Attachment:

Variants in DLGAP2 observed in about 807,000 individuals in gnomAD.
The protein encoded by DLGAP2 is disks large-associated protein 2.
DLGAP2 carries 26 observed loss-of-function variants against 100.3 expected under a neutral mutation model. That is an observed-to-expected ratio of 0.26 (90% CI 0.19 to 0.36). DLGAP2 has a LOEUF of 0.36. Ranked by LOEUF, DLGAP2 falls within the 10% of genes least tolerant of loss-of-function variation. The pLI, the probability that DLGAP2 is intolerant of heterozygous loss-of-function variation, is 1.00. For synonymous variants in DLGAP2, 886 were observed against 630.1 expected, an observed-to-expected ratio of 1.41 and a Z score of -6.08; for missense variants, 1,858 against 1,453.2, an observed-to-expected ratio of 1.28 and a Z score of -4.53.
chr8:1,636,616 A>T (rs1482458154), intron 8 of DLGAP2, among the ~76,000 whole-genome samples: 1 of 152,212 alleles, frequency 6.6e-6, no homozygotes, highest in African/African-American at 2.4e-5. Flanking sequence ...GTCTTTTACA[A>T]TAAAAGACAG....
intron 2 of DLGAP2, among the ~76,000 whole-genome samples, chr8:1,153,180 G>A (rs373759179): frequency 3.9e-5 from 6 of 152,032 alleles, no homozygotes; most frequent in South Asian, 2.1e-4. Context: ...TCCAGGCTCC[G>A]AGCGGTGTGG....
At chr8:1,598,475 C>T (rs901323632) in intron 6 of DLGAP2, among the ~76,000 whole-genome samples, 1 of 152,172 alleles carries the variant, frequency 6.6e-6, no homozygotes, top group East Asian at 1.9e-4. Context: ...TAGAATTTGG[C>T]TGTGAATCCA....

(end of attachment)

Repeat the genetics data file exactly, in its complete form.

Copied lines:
Variants in DLGAP2 observed in about 807,000 individuals in gnomAD.
The protein encoded by DLGAP2 is disks large-associated protein 2.
DLGAP2 carries 26 observed loss-of-function variants against 100.3 expected under a neutral mutation model. That is an observed-to-expected ratio of 0.26 (90% CI 0.19 to 0.36). DLGAP2 has a LOEUF of 0.36. Ranked by LOEUF, DLGAP2 falls within the 10% of genes least tolerant of loss-of-function variation. The pLI, the probability that DLGAP2 is intolerant of heterozygous loss-of-function variation, is 1.00. For synonymous variants in DLGAP2, 886 were observed against 630.1 expected, an observed-to-expected ratio of 1.41 and a Z score of -6.08; for missense variants, 1,858 against 1,453.2, an observed-to-expected ratio of 1.28 and a Z score of -4.53.
chr8:1,636,616 A>T (rs1482458154), intron 8 of DLGAP2, among the ~76,000 whole-genome samples: 1 of 152,212 alleles, frequency 6.6e-6, no homozygotes, highest in African/African-American at 2.4e-5. Flanking sequence ...GTCTTTTACA[A>T]TAAAAGACAG....
intron 2 of DLGAP2, among the ~76,000 whole-genome samples, chr8:1,153,180 G>A (rs373759179): frequency 3.9e-5 from 6 of 152,032 alleles, no homozygotes; most frequent in South Asian, 2.1e-4. Context: ...TCCAGGCTCC[G>A]AGCGGTGTGG....
At chr8:1,598,475 C>T (rs901323632) in intron 6 of DLGAP2, among the ~76,000 whole-genome samples, 1 of 152,172 alleles carries the variant, frequency 6.6e-6, no homozygotes, top group East Asian at 1.9e-4. Context: ...TAGAATTTGG[C>T]TGTGAATCCA....